Best DSLRs for video: 15 cameras from £400 to £2,400

Cameras for video panasonic lumix gh2

The bigger brother of the Lumix G3, the Micro Four Thirds GH2 is Panasonic's ultimate movie-recording stills camera. Its 3-inch, vari-angle touchscreen can be positioned through any angle and is ideal for movie shooting, plus the hands-on 'touch for focus' approach makes for unique yet pinpoint autofocus control.

The GH2 provides the full array of manual controls as well as automated movie shooting. This means that both shutter and aperture can be controlled in real time when recording - though doing so will cause a small 'blip' of overexposure while the camera quickly adjusts. It doesn't look particularly smooth, so sticking to exposure compensation for a more fluid exposure transitions is one way to maintain smoother results.

The Programme Auto (P) mode leaves the GH2 in charge of most settings for more simplified point-and-shoot recording, as commenced by the one touch button just behind the main shutter button.



As the GH2 has a different Four Thirds sensor than other Lumix cameras (this one has more processing power and is a slightly different size to accommodate all aspect ratios, including 16:9 movie, without unnecessary cropping) its readout is of a higher capacity too. This translates into a 24p (progressive) cinema mode, compared to all other Lumix cameras that capture interlaced files.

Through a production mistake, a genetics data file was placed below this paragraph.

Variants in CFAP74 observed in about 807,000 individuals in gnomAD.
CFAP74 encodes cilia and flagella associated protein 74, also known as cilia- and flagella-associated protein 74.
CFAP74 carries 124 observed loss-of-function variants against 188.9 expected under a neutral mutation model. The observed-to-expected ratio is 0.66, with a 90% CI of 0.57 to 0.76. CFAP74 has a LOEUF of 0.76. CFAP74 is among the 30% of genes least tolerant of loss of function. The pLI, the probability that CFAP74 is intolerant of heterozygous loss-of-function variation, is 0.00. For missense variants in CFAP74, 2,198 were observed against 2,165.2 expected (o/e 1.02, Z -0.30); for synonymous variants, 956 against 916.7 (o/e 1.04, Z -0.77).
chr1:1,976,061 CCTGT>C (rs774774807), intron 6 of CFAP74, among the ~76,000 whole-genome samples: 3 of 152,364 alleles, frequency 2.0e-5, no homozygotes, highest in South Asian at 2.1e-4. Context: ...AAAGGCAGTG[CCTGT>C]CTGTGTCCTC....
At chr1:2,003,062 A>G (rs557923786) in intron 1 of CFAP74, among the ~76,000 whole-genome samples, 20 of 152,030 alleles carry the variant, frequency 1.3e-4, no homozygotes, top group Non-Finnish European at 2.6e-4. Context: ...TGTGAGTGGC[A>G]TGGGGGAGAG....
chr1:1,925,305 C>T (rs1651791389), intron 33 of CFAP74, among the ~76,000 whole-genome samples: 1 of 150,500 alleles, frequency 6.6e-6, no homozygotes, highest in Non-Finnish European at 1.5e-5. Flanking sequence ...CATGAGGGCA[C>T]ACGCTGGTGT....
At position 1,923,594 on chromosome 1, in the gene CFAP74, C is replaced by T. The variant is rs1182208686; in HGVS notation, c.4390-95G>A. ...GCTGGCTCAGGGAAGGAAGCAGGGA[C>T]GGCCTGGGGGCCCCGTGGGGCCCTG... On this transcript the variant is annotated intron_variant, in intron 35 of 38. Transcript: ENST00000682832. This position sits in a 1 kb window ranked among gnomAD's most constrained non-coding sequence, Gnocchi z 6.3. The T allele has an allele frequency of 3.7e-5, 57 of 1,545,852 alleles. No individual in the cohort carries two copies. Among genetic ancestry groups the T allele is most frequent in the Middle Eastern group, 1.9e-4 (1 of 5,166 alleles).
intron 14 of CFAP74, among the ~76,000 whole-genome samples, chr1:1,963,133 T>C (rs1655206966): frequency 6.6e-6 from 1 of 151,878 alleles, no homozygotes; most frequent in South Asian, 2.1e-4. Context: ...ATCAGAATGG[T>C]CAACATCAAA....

It also means a 24Mbps data rate, which is on par with that of a professional spec camcorder, and adds that extra depth of quality to final files.

The GH2 also provides a 50 or 60i capture should this be preferable, plus there's a Variable Movie mode that can capture at 80%, 160%, 200% or 300% of usual speed inside the camera (by adding or skipping frames) for a slower motion or sped-up capture. It's an extra wave of creativity, and similarly there's also an Ex Tele Converter mode that uses an exact 1920x1080 pixel section of the sensor for a 3x magnification without quality loss.


Autofocus is super fast when using single focus (AF-S), and the full time autofocus (AF-A) is very smooth and accurate when shifting between subjects. This is the same system as employed in the excellent Lumix G3, though the GH2 does have one distinct downer - the focus area is restricted to a far more central portion of the screen that causes distinct limitations.

Panasonic's AVCHD capture format means movies need to be processed in order to use them outside of the camera, but this keeps file sizes far smaller than they would be otherwise.


Sound-wise the GH2's built-in stereo microphone captures decent quality audio, though the 2.5mm (again, not the more standard 3.5mm fitting) will have those wishing to use many third party microphones at a loss. Panasonic makes a variety of microphones with the 2.5mm fitting or there are 2.5-3.5mm converters available for little money, though using the latter isn't the most elegant or reliable way of recording.

Video specs

Approx price: £1,049 with 14-140mm kit lens
Sensor: Micro Four Thirds (2x magnification)
Maximum resolution: 1080p capture (1920x1080px)
Frame rate: 24fps (1080p) / 50/60i fields per second also available (output as 25/30fps)
Compression: AVCHD capture (or Motion JPEG at QVGA resolution only)
Audio support: 2.5mm mini audio jack for external microphones
File format: AVCHD format MTS files require decoding; M-JPEG
Exposure mode: Programme mode with real time exposure compensation; Manual mode with real time shutter and aperture control; Aperture & Shutter Priority modes
Focus modes: Full time (AF-C), Subject Tracking, Single (AF-C) and Manual (MF) focus options
Connectivity: HDMI & A/V outs